Monday, September 15, 2014

CDC issues Ebola checklist

CDC issues Ebola checklist: 'Now is the time to prepare'
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Paul Bedard (Washington Examiner)
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CDC issues Ebola checklist
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The Centers for Disease Control and Prevention, warning hospitals and doctors that “now is the time to prepare,” has issued a six-page Ebola “checklist” to help healthcare workers quickly determine if patients are infected.

While the CDC does not believe that there are new cases of Ebola in the United States, the assumption in the checklist is that it is only a matter of time before the virus hits home.

For example, one part reads: “Encourage healthcare personnel to use a ‘buddy system’ when caring for patients.” Another recommends a process to report cases to top officials:

Plan for regular situational briefs for decision-makers, including:

Suspected and confirmed EVD patients who have been identified and reported to public health authorities.

Isolation, quarantine and exposure reports.

Supplies and logistical challenges.

Personnel status, and policy decisions on contingency plans and staffing.

The checklist has been distributed to major hospitals and even little ones, including an urgent center in Leesburg, Va.
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Handbook of Modern Hospital Safety, Second Edition
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Detailed Hospital Checklist for Ebola Preparedness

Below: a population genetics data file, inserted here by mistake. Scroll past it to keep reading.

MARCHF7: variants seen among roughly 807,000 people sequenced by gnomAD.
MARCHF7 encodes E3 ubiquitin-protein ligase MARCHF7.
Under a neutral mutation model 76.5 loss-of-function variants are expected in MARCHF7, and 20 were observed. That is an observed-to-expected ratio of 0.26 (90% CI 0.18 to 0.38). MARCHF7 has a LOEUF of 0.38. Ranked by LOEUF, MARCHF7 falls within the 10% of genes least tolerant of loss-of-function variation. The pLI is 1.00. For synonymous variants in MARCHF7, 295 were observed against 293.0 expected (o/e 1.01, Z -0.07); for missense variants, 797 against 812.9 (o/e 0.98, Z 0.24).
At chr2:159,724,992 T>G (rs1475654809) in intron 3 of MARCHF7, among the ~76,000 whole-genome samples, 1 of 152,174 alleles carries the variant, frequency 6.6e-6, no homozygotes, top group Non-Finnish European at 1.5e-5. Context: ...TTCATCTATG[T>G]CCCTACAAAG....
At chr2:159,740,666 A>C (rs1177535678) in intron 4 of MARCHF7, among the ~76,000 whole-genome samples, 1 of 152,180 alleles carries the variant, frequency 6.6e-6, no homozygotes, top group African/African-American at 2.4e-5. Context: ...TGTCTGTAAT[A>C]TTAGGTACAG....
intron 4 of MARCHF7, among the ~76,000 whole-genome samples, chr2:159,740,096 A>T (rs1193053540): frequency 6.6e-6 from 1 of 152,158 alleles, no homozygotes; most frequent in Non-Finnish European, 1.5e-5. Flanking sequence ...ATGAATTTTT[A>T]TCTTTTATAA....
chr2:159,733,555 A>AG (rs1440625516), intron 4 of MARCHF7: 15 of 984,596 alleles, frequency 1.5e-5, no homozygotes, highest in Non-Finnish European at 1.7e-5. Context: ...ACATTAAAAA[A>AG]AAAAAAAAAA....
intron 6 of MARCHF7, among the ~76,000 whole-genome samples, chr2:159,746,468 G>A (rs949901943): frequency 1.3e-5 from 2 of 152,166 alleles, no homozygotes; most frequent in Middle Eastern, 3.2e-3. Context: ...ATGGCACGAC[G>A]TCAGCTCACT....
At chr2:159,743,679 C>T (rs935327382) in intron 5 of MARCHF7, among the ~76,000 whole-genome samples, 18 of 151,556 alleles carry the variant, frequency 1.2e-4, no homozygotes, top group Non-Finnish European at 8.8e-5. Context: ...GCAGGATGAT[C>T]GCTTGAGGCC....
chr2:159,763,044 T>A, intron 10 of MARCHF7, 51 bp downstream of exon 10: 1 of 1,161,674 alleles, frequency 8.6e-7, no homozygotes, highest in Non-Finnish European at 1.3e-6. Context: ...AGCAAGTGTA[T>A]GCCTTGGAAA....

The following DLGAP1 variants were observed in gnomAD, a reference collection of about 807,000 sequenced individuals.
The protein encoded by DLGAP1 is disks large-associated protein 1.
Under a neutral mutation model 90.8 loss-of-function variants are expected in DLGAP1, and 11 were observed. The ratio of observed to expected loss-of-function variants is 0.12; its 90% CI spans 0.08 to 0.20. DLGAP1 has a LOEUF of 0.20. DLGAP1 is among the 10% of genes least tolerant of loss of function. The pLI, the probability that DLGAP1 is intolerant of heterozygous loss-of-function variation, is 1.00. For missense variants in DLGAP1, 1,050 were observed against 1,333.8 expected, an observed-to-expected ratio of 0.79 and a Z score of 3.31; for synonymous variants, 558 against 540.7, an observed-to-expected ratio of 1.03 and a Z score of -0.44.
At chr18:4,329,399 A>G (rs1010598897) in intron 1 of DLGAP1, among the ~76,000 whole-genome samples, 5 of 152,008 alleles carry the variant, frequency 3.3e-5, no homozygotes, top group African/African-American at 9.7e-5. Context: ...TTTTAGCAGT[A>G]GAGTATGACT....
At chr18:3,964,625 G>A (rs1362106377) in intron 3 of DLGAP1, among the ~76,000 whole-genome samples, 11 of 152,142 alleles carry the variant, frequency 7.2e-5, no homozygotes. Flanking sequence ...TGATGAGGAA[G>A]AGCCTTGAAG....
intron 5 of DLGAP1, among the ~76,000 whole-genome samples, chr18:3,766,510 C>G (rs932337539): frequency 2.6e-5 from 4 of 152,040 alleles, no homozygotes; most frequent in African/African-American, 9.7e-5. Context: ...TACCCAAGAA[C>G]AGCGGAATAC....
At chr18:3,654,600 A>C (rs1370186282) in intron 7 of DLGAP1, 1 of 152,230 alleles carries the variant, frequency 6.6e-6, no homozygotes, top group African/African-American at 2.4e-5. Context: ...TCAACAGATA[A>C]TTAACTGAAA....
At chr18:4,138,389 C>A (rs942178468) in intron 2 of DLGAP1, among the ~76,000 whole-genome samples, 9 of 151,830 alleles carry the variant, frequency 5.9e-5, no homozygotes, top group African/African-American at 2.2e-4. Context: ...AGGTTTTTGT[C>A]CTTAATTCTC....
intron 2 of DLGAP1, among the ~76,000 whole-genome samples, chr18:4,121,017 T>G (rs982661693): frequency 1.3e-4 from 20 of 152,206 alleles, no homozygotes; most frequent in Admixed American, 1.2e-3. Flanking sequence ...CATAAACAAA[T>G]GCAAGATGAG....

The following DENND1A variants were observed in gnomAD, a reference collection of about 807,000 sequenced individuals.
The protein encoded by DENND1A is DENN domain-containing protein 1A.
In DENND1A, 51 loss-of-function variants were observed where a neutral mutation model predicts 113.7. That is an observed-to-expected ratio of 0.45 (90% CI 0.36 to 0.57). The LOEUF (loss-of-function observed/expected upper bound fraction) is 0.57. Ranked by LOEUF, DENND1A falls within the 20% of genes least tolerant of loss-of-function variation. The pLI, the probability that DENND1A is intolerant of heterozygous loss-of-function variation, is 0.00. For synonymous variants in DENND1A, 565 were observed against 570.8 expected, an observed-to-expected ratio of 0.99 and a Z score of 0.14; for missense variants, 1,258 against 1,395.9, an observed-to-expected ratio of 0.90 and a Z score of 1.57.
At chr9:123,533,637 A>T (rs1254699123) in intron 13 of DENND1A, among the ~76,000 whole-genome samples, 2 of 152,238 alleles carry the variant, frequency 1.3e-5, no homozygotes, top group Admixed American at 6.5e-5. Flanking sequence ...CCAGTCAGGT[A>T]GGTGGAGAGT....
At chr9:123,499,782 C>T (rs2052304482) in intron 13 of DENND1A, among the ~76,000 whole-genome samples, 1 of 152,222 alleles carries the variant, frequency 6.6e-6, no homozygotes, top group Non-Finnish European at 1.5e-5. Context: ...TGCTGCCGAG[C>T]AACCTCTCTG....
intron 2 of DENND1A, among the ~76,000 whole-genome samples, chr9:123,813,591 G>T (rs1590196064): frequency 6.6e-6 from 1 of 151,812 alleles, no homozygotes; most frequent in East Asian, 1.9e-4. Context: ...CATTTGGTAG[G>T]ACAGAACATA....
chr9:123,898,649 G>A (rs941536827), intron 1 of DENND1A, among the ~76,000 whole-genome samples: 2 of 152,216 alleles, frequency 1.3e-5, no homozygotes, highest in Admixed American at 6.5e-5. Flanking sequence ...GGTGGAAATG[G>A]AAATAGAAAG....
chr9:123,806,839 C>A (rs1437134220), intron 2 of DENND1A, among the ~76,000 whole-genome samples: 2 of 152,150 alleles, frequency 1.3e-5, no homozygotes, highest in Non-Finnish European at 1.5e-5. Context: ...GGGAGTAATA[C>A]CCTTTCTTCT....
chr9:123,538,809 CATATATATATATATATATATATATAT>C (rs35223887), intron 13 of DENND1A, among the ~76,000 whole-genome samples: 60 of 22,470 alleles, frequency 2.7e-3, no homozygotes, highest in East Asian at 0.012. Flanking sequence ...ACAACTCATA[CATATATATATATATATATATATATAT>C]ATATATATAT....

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What the government doesn't want to tell you about ebola
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SEQUENCE FOR
PUTTING ON PERSONAL PROTECTION EQUIPMENT (PDF FOR HOSPITALS)

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Respiratory Protection

Purpose – protect from inhalation of infectious aerosols (e.g., Mycobacterium tuberculosis)

PPE types for respiratory protection

Particulate respirators

Half- or full-face elastomeric respirators

Powered air purifying respirators (PAPR)
PPE Use in Healthcare Settings PPE also is used to protect healthcare
workers’ from hazardous or infectious aerosols, such as Mycobacterium tuberculosis.

Respirators that filter the air before it is inhaled should be used for respiratory protection.

The most commonly used respirators in healthcare settings are the N95, N99, or
N100 particulate respirators. The device has a sub-micron filter capable of
excluding particles that are less than 5 microns in diameter.

Respirators are approved by the CDC’s National Institute for Occupational Safety and Health.

Like other PPE, the selection of a respirator type must consider the nature of the
exposure and risk involved. For example, N95 particulate respirators might be worn
by personnel entering the room of a patient with infectious tuberculosis.

However, if a bronchoscopy is performed on the patient, the healthcare provider might wear a higher level of respiratory protection, such as a powered air-purifying respirator or PAPR.
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(Sounds like an N99 is something the public should have on hand possibly.) Story Reports

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